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  1. Make applied phenomenology what it needs to be: an interdisciplinary research program.Matthew Burch - 2021 - Continental Philosophy Review 54 (2):275-293.
    Once a marginal affair, applied phenomenology is now a vast and vibrant movement. With great success, however, comes great criticism, and critics have been harsh, accusing applied phenomenology’s practitioners of everything from spewing nonsense to assailing down-to-earth researchers with gratuitous jargon. In this article, I reconstruct the most damning criticisms as a dilemma: Either applied phenomenology merely describes experience, in which case it offers nothing distinctive, or it involves the kind of analysis characteristic of classical phenomenology, in which case it’s (...)
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  • Some Thoughts on Phenomenology and Medicine.Miguel Kottow - 2017 - Medicine, Health Care and Philosophy 20 (3):405-412.
    Phenomenology in medicine’s main contribution is to present a first-person narrative of illness, in an effort to aid medicine in reaching an accurate disease diagnosis and establishing a personal relationship with patients whose lived experience changes dramatically when severe disease and disabling condition is confirmed. Once disease is diagnosed, the lived experience of illness is reconstructed into a living-with-disease narrative that medicine’s biological approach has widely neglected. Key concepts like health, sickness, illness, disease and the clinical encounter are being diversely (...)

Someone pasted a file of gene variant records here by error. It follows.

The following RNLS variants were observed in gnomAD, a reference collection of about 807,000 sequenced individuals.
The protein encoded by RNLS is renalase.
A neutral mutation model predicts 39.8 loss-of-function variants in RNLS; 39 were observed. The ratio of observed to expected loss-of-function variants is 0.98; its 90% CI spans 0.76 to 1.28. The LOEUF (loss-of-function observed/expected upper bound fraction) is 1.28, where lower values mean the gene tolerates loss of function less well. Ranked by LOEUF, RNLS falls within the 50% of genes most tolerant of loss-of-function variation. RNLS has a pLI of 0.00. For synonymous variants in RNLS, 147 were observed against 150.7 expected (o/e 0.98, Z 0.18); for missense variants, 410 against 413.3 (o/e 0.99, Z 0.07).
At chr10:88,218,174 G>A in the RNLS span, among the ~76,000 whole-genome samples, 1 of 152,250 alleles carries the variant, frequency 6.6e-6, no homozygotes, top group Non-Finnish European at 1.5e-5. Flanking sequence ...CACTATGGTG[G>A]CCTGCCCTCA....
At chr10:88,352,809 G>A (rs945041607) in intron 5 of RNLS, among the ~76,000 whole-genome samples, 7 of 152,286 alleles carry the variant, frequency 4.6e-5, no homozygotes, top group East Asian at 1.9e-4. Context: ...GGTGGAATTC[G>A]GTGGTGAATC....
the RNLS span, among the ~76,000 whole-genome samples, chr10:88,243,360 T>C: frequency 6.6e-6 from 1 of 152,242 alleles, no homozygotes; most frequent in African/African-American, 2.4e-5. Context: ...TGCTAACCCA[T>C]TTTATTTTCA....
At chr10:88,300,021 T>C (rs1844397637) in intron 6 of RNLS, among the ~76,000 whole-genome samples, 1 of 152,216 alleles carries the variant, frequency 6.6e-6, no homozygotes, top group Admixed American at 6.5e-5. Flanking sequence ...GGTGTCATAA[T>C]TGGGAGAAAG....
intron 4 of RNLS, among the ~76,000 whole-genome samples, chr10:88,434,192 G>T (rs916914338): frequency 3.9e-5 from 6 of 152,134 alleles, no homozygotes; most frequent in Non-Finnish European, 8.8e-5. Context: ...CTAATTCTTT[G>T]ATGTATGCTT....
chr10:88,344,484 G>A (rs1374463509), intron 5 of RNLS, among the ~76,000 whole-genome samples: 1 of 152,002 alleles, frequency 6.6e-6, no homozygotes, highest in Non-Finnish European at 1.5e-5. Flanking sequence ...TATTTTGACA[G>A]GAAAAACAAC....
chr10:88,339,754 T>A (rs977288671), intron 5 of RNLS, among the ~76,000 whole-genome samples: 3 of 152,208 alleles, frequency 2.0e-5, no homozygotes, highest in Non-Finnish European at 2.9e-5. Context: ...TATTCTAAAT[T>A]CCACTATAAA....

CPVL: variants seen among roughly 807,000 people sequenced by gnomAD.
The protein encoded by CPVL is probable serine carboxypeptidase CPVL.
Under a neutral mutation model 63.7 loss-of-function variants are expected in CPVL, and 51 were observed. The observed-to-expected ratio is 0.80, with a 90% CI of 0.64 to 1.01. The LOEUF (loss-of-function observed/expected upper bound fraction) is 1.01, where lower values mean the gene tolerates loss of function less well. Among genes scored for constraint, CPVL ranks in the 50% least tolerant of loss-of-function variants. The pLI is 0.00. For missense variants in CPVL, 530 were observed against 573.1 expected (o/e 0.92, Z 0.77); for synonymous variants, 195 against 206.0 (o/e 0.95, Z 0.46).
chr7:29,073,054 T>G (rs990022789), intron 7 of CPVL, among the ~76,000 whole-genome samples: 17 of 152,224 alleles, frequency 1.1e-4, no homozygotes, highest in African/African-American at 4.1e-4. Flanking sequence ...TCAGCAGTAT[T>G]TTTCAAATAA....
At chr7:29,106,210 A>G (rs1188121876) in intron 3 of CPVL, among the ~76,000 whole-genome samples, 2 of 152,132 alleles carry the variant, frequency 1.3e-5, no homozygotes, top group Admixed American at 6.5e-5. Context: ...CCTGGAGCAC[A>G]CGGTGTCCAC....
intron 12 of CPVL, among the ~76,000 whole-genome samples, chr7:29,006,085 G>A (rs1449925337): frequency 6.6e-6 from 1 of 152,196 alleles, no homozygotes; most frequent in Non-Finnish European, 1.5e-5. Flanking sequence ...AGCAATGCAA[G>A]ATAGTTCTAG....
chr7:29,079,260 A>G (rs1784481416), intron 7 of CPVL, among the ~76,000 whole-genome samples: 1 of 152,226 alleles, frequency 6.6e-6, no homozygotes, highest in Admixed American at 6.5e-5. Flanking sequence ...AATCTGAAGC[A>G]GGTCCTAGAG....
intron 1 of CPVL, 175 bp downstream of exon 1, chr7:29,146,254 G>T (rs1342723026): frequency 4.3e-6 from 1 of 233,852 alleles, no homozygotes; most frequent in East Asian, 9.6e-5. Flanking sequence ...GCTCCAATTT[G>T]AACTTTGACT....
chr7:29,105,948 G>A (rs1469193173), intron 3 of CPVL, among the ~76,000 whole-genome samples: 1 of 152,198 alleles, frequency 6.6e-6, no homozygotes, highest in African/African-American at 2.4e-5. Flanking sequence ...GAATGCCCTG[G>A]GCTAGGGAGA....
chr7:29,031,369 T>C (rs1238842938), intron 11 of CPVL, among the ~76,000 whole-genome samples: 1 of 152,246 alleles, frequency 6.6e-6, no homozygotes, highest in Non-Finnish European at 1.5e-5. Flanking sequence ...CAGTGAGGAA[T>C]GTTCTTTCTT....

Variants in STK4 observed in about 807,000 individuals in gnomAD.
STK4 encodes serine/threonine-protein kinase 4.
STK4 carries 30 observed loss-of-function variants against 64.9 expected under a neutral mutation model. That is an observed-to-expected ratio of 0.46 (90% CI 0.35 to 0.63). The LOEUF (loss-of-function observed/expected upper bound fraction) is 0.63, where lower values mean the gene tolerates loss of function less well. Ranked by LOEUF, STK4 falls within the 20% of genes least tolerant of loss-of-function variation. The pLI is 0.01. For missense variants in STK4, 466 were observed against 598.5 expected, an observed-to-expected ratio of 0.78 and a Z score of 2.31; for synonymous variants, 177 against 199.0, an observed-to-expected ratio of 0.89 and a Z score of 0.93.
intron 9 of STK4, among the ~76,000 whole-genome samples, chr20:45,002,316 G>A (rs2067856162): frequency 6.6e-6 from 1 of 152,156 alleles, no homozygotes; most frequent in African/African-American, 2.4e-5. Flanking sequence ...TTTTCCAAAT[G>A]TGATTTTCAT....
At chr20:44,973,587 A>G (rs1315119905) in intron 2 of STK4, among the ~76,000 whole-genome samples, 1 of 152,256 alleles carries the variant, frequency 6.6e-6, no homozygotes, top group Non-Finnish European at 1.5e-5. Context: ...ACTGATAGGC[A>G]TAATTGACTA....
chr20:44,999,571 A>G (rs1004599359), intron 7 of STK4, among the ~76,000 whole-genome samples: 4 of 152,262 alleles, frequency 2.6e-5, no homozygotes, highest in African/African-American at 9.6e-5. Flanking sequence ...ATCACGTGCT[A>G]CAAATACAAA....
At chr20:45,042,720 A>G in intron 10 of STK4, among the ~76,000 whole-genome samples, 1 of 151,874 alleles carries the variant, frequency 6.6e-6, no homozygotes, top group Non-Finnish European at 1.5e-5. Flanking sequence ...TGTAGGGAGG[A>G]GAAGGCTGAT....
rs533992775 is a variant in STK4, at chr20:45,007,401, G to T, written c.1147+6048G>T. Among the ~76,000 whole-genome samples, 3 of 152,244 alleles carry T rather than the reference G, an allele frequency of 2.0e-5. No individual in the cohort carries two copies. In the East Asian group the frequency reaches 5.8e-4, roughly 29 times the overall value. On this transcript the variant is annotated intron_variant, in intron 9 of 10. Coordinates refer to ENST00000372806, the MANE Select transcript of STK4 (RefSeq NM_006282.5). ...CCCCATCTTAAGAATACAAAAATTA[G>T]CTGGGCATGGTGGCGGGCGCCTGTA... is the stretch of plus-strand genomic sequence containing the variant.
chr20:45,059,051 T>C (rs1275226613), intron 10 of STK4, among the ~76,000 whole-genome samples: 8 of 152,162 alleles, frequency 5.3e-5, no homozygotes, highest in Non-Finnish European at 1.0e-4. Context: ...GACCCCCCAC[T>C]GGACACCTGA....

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  • Should Phenomenological Approaches to Illness Be Wary of Naturalism?Juliette Ferry-Danini - 2019 - Studies in History and Philosophy of Science Part C: Studies in History and Philosophy of Biological and Biomedical Sciences 73:10-18.
    In some quarters within philosophy of medicine, more particularly in the phenomenological approaches, naturalism is looked upon with suspicion. This paper argues, first, that it is necessary to distinguish between two expressions of this attitude towards naturalism: phenomenological approaches to illness disagree with naturalism regarding various theoretical claims and they disapprove of naturalism on an ethical level. Second, this paper argues that both the disagreement with and the disapproval of naturalism are to a large extent confused. It then offers some (...)